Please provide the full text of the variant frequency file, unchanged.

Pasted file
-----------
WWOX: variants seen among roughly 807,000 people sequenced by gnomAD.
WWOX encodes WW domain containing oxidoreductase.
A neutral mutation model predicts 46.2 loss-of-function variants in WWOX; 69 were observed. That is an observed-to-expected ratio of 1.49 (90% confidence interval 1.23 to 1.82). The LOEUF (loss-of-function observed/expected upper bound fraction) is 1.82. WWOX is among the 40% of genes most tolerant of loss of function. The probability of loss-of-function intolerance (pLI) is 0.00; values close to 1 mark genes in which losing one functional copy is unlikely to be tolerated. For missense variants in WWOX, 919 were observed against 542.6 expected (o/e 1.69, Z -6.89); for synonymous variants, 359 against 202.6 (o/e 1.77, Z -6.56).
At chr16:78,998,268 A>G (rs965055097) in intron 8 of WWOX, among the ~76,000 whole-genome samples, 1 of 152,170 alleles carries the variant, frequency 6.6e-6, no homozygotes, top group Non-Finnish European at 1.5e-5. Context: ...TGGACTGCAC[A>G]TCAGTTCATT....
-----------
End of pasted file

WWOX: variants seen among roughly 807,000 people sequenced by gnomAD.
WWOX encodes WW domain containing oxidoreductase.
A neutral mutation model predicts 46.2 loss-of-function variants in WWOX; 69 were observed. That is an observed-to-expected ratio of 1.49 (90% confidence interval 1.23 to 1.82). The LOEUF (loss-of-function observed/expected upper bound fraction) is 1.82. WWOX is among the 40% of genes most tolerant of loss of function. The probability of loss-of-function intolerance (pLI) is 0.00; values close to 1 mark genes in which losing one functional copy is unlikely to be tolerated. For missense variants in WWOX, 919 were observed against 542.6 expected (o/e 1.69, Z -6.89); for synonymous variants, 359 against 202.6 (o/e 1.77, Z -6.56).
At chr16:78,998,268 A>G (rs965055097) in intron 8 of WWOX, among the ~76,000 whole-genome samples, 1 of 152,170 alleles carries the variant, frequency 6.6e-6, no homozygotes, top group Non-Finnish European at 1.5e-5. Context: ...TGGACTGCAC[A>G]TCAGTTCATT....